More than 100 million Scrabble sets have been sold worldwide,
and the game is played in two dozen languages.
Q) What were your goals in becoming a competitive player?
From the outset, I wanted to understand how the best
players unscrambled words so well, how they recalled thousands
of words from the recesses of memory, and how they performed under
pressure. But I didnt think I could become like them. I
thought they were programmed far too differently from me for that
to happen. Once I started playing in tournaments, though, I realized
that while some of the differences between me a Scrabble
everyman, with no strong predisposition toward success in this
game of strategy and chance and them were insurmountable,
many werent. Becoming an expert Scrabble player required
time and dedication a willingness to dive into the language,
to learn thousands of words, and to study strategy. At my peak,
I was studying and playing Scrabble twenty or thirty hours a week
and entering tournaments twice a month. Scrabble took over my
life, and I loved it.
Q) So how good are you?
Im an expert. Scrabble uses a rating system patterned
after one used in competitive chess. Ratings range from a low
of about 500 to over 2000. There are no specific designations
like "master or "grand master
as there are in chess, but generally speaking, ratings below 1200
are considered novice, between 1200 and 1600 intermediate, and
above 1600 expert. Scrabble tournaments typically are broken into
divisions on or close to those cutoffs. After my first tournament,
I got a rating of 761; these days I'm about 1700, roughly 200th
out of 2,300 tournament players in North America.
Q) How did you improve so much?
I studied a lot, played a lot, and had a teacher. Joe
Edley, the Zen master, was my sensei. During the course of the
book, I visit Joe for periodic training sessions that help me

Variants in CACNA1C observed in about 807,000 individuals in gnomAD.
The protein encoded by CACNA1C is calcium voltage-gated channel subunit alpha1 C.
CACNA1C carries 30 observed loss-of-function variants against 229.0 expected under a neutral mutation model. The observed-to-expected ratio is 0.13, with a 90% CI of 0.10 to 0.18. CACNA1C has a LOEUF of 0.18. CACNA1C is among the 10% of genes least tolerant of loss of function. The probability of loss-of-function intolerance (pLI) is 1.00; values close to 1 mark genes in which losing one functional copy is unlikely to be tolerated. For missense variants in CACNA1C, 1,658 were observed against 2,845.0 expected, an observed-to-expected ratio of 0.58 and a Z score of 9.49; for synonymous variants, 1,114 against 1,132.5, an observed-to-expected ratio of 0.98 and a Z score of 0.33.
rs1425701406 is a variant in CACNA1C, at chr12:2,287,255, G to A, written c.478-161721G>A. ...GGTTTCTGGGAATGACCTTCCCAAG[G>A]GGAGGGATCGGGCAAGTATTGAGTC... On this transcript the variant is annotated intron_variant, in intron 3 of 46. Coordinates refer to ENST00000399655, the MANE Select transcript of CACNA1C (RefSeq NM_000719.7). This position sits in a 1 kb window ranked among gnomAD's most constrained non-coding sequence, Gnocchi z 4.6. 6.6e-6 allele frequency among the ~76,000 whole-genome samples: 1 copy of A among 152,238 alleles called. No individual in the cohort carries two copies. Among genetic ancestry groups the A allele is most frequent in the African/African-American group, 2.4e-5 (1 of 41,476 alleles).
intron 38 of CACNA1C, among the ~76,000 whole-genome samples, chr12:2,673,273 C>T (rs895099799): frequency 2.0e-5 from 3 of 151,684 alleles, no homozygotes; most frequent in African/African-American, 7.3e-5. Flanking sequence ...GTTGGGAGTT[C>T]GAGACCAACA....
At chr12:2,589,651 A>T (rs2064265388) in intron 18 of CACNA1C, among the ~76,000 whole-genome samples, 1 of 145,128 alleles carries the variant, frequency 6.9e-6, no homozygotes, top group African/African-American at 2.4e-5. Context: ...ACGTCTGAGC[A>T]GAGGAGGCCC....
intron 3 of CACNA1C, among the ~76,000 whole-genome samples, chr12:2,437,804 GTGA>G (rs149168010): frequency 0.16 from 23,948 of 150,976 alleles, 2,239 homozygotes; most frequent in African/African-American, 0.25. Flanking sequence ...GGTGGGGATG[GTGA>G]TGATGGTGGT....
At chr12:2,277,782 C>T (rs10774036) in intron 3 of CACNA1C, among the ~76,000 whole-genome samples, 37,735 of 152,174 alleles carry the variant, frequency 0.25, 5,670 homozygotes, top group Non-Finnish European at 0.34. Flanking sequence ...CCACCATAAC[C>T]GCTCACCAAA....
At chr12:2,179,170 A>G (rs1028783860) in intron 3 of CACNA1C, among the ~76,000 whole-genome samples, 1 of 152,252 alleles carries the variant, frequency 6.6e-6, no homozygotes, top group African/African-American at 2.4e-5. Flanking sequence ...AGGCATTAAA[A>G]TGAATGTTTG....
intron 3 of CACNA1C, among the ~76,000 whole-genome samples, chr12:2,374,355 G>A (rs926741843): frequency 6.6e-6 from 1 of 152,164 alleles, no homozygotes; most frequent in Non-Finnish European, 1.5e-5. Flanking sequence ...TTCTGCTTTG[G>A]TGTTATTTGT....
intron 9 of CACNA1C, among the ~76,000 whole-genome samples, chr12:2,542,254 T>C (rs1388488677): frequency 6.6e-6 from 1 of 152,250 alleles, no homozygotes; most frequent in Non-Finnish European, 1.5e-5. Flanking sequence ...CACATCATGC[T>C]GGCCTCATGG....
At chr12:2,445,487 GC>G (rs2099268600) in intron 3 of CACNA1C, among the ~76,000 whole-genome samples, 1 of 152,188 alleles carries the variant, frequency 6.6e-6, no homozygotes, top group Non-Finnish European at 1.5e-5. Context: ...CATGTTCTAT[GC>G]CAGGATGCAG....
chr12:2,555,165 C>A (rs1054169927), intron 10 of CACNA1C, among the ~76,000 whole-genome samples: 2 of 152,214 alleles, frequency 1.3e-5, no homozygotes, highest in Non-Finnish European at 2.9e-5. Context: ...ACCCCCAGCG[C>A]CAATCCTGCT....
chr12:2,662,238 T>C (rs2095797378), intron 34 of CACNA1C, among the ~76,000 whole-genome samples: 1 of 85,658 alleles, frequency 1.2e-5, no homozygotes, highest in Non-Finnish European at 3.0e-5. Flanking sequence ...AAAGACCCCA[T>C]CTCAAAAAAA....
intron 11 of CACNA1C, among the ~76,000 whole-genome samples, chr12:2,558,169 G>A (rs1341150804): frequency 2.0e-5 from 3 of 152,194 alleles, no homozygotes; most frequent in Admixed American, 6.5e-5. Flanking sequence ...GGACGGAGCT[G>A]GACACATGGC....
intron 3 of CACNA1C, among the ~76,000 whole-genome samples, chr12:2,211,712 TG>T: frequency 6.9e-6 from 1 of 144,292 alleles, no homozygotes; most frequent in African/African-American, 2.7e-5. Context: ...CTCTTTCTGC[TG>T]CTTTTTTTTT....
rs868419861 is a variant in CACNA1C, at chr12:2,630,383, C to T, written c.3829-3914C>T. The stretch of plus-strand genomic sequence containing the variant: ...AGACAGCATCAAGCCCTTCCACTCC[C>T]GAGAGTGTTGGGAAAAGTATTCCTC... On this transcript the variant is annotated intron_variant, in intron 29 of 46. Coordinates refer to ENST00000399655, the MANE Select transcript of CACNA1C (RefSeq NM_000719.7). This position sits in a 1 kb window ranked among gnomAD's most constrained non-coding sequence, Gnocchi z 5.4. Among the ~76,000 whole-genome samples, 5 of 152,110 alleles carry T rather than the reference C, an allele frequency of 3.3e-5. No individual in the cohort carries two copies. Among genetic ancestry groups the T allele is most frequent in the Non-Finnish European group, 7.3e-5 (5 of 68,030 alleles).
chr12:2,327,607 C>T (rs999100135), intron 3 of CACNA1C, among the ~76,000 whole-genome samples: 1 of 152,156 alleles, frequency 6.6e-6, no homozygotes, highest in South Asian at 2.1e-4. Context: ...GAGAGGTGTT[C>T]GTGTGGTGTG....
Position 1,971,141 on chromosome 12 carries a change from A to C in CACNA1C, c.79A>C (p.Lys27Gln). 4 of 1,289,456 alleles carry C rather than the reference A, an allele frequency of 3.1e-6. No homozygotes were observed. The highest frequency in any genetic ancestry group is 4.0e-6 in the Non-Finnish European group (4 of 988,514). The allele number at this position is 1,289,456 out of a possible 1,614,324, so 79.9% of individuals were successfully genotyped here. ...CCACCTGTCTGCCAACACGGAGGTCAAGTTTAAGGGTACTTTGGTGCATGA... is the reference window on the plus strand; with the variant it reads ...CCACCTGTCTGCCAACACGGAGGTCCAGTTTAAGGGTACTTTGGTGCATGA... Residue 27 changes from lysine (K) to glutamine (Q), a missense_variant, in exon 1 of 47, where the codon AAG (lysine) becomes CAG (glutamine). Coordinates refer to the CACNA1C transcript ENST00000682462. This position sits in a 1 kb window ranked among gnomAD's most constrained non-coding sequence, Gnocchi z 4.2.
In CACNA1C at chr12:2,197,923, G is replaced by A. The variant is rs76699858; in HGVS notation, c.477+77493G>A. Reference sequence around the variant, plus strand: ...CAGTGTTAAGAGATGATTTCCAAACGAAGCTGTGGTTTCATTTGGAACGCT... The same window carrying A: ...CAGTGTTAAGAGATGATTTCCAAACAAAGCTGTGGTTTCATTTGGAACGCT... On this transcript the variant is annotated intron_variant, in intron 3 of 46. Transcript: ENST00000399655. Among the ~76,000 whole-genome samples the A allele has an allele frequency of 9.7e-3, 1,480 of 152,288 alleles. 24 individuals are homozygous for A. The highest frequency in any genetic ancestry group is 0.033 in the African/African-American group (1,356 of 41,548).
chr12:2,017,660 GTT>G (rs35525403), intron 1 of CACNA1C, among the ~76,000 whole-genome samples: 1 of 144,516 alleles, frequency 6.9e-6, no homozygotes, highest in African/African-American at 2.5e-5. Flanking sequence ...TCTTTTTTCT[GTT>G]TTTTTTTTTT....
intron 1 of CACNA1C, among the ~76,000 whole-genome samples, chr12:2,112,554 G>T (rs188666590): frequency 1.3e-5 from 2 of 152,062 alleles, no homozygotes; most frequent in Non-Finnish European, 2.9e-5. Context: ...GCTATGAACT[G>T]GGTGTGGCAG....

understand both the fundamentals, like which words to learn and
how to learn them, to the "inner game of Scrabble,
the mental discipline that would help me become a better player.
Like most players, I soaked up the two- and three-letter words
quickly. And then I moved on to learning bingos, that is, the
seven- and eight-letter words that score the most points in the
game. I studied those in order of the probability that they might
appear on my rack. Over time, I learned thousands of bingos, plus
4,000 four-letter words and thousands of five-letter words, too.
And thats nothing compared to what the very best manage
to digest, retain, and recall when they most need to.
Q) Didnt you get tired of learning words that wouldnt
have any use in "real life?
For me and others like me, Scrabble is real life. But
it does mean accepting what for many people is difficult to accept:
that for the limited purpose of playing this game, the meanings
of words are meaningless. Some top players love etymologies and
definitions. Some dont care about them at all, describing
words as "letter strings whose utility is simply
to score points in this game. I didnt initially have an
innate ability to digest thousands of words and their meanings,
too, so the only way to get better was just to learn and memorize.
With that comes curiosity, of course; you wind up looking up the
definition of numerous words. And an appreciation for the aesthetic
beauty and flexibility of language that PFFT and CWRTH
can be words, or that INCITES can be extended into ZINCITES, or
that words can have related and sometimes humorous anagrams, like
SENATOR, ATONERS, and TREASON.
Q) So how has Scrabble changed your life? Have you learned
anything from your immersion in the game besides all those
Im certainly not the same person I was when I
began this quest for Scrabble greatness. Some of the changes are
behavioral, a kind of occupational hazard that comes with the
game; for instance, I try to anagram most everything in sight,
from names to road signs to restaurant menus. But its more
than the words themselves. Its how I think. Scrabble, the
purpose of which is to convert chaos into order, has helped me
assimilate mounds of information more easily and think more logically.
Its made me realize that almost no discipline is out of
reach if youre willing to work hard enough at it. Its
filled me with boundless affection, respect, and downright awe
for a group of people I couldnt have fathomed a few years
ago. Ive been a journalist going on twenty years now, yet
I never realized just how powerful words can be, or just how much
they mean to me. Its like Jim Bouton said: "You spend
a good piece of your life gripping a baseball and in the end it
turns out that it was the other way around all the time.
A Scrabble glossary